Five strategies to honor biblical diversity in the church

Dr. Harold Lewis

Vice President of Biblical Diversity

  • Diversity

If the most diverse place in eternity is going to be heaven, then it is time for us to give an example of that diversity on earth!

Lewology

One of the major defaults and detriments of the Christian church in America is that it keeps valuing race and their cultural identity much more that it values the divine identity of Jesus Christ. This is a spiritual problem that is stifling evangelism efforts and hijacking brotherly and sisterly unity with the Body of Christ. The racial and cultural walls of division and separation are getting wider, deeper and taller as our country becomes more and more diversely populated.

I believe Scripture is crystal clear that a local church should work diligently and deliberately to reflect the racial and diversity complexion of its community and mission field. Regardless if everyone in the church’s missional reach is of the same race or ethnicity, the church should at least have a clear strategy to reach and influence every person with the gospel of Jesus Christ. No one should be excluded, especially because of his or her race.

If your church is located in a community or near a community that is racially or culturally diverse, but the members in your congregation do not reflect that community, here are five strategies to assist you in considering and honoring biblical diversity:

Strategy 1: Offer the love of God to everyone in your community

The salvation message of John 3:16 is a reminder that the gospel of Jesus Christ is for everyone. No one should ever be excluded from hearing the greatest news ever given to the world. Challenge your church to be intentional representing the love of God and showing holy respect to all people even if they think they don’t deserve it. The power of the gospel is, the less people deserve it, the more they need it.

Strategy 2: Approach your community with eternity in mind

In Revelation 7:9-10, we are given a beautiful picture of the redeemed people of God gathered around the throne of God worshipping and praising God together. These redeemed people are divinely described as a “vast multitude from every nation, tribe, people, and language, which no one could number, standing before the throne and before the Lamb.” If this is what the Church is going to like in eternity, why can’t the church be an earthly example of that today?

Strategy 3: Be a gospel-centered church and not a political-centered church

There is nothing more important to any community than preaching the gospel of Jesus Christ. Beware, public political alignments can easily and quickly divide and alienate the people we are trying to reach with the gospel. As followers of Jesus, we must pray for and respect our political leaders, but we should never allow politics or politicians to hijack the mission of the church. The mission should always be to reach people of all colors, cultures and classes with the gospel of Jesus Christ. Keep in mind, it is the gospel that is the hope for the world and not politics.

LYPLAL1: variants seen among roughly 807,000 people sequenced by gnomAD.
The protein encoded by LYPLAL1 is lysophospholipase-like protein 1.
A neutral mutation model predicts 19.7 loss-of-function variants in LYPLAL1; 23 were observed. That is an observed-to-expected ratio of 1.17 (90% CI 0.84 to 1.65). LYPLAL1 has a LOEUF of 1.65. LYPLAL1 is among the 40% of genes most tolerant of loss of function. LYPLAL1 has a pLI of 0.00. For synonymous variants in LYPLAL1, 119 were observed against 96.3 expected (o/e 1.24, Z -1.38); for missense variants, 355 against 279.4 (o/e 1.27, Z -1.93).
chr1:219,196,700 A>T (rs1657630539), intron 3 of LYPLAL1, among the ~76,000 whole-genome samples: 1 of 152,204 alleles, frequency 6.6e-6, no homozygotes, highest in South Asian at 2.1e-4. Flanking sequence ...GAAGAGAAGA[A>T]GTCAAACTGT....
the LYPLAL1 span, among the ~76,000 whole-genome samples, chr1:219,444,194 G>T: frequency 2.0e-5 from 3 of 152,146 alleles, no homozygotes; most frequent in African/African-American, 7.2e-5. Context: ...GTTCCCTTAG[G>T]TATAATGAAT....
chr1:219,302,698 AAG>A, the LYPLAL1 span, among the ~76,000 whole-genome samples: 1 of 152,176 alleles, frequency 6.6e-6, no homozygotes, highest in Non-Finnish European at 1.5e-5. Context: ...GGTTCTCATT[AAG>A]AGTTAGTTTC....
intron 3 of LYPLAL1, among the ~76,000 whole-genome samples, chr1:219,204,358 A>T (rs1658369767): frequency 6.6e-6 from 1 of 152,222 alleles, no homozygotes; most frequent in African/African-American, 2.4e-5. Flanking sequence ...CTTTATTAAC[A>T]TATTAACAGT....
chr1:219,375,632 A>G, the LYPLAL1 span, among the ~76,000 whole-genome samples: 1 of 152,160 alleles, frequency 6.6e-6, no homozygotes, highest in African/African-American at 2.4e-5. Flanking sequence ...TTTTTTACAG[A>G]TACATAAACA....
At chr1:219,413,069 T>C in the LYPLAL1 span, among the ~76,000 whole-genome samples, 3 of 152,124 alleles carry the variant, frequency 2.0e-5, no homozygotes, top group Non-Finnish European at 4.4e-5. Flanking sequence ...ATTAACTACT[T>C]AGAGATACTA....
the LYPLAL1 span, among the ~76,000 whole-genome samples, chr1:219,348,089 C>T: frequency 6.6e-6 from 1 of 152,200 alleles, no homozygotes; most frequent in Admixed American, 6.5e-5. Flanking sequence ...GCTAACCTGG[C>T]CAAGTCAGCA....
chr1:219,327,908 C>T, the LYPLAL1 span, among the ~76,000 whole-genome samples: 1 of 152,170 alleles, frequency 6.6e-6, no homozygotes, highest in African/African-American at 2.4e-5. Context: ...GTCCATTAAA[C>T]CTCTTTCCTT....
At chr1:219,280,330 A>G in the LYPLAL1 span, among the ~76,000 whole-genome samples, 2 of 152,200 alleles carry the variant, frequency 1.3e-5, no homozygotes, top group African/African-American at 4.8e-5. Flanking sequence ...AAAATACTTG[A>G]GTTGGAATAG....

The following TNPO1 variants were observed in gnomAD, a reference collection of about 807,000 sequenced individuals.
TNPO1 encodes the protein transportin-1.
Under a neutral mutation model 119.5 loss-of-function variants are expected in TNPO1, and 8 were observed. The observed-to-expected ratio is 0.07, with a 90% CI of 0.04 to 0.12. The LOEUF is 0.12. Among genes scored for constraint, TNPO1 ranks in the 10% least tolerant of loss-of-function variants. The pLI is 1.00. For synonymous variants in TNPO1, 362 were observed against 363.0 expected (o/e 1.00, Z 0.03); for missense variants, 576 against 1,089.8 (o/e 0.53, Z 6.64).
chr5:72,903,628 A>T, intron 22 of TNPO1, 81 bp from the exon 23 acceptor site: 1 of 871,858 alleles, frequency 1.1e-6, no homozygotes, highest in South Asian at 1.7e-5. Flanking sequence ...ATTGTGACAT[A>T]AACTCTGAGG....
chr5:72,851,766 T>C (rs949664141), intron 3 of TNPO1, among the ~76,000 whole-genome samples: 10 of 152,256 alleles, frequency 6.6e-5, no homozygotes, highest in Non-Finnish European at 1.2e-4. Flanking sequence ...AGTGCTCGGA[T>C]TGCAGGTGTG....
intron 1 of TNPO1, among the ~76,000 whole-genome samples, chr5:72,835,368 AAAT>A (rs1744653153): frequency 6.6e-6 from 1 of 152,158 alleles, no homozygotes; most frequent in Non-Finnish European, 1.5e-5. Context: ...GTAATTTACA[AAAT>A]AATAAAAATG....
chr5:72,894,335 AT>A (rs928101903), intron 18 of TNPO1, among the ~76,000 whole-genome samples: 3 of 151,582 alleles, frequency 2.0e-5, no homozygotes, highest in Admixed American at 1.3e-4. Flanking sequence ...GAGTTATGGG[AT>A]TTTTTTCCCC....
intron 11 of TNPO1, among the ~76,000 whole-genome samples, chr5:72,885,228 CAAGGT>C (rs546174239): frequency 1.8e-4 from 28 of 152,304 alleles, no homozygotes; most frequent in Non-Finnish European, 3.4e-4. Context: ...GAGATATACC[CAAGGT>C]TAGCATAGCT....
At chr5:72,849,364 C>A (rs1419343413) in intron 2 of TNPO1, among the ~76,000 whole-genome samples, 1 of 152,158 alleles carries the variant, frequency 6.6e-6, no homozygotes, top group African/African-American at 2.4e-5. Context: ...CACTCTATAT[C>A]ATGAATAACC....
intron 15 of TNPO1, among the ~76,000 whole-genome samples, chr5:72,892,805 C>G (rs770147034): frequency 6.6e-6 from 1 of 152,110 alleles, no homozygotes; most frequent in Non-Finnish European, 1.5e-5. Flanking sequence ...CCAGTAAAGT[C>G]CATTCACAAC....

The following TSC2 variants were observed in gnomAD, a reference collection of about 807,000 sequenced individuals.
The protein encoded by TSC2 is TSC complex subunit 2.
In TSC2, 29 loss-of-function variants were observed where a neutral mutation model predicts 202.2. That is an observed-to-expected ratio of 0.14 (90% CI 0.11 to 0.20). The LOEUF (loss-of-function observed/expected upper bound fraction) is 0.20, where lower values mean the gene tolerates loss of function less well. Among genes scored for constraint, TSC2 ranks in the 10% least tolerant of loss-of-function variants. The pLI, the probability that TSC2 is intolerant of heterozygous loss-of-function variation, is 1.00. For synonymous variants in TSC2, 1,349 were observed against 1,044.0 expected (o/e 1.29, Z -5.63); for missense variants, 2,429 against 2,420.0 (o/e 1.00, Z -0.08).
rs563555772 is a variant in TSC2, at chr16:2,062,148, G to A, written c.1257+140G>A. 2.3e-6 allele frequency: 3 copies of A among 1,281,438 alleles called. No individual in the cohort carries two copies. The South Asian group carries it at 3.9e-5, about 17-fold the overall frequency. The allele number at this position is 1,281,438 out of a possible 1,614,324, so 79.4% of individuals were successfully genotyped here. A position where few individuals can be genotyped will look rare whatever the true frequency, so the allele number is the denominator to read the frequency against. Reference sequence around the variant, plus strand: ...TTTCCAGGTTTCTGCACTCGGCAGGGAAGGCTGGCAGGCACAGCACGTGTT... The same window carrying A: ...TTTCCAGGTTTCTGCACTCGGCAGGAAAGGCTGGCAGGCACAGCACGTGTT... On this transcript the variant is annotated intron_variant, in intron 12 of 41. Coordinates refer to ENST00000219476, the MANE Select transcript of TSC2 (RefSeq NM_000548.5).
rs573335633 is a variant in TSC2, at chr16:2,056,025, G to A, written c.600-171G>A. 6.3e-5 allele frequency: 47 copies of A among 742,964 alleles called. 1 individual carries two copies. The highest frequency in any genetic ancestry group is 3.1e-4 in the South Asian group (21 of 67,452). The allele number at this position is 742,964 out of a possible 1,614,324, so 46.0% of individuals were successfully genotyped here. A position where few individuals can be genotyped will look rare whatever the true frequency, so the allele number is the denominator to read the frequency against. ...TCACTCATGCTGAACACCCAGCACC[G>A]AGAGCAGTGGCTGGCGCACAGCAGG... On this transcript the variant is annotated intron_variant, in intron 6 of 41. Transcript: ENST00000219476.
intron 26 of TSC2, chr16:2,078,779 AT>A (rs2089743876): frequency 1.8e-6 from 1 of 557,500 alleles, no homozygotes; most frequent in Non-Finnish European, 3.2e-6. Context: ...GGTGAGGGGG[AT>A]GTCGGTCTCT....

Strategy 4: Always value people more than you value your culture

In general, cultures are not right or wrong; they are simply different. It is our cultures that defined our people groups, worldviews, likes and dislikes. However, we should not allow our cultural differences to become points of conflicts or controversies. Encourage your church members to learn about other cultures. Encourage your church members to become genuinely interested in people of other ethnicities and cultures and to view their cultural differences as learning experiences.

Strategy 5: Practice holy humility

It is very easy to be stubborn, arrogant and resistant regarding ethnic and cultural differences. Instead, challenge your church to approach people of different ethnic backgrounds with a spirit of holy humility. Encourage them to suspend their biases and prejudices and develop a sincere desire to listen, learn and understand other cultures. The opportunity to discover and understand someone else’s cultural can only add value to your life.

Questions for reflection

  1. Is biblical diversity represented at the highest level of leadership in my church?
  2. Are recruitment practices for hiring and inviting volunteers sensitive to biblical diversity?
  3. Does someone from the non-majority culture of my church share the pulpit?
  4. Does my church have an overall strategy for embracing biblical diversity?
Don't hesitate to contact us if we can help you in any way as we continue our journey toward biblical diversity.

Dr. Harold Lewis, Vice President of Biblical Diversity

Dr. Harold D. Lewis Sr. is Converge’s Vice President of Biblical Diversity. A native of Greenwood, Mississippi, he earned a Bachelor of Arts degree from Tougaloo College in Tougaloo, Mississippi, a Master of Divinity from Gammon Theological Seminary in Atlanta and a Doctorate of Psychology from the University of the Rockies in Colorado Springs, Colorado. He also has been awarded multiple honorary doctorates. Dr. Lewis comes to Converge with over three decades of pastoral and leadership experience as a turnaround church pastor and a transformational coach for clergy and laypersons. His ministerial experience also includes more than 10 years of multicultural and justice responsibilities, which included collaborating with and resourcing Native American, Micronesian, Hispanic, Korean and Haitian ministries, as well as Black Methodists for Church Revival and the Conference Committee on Religion and Race.

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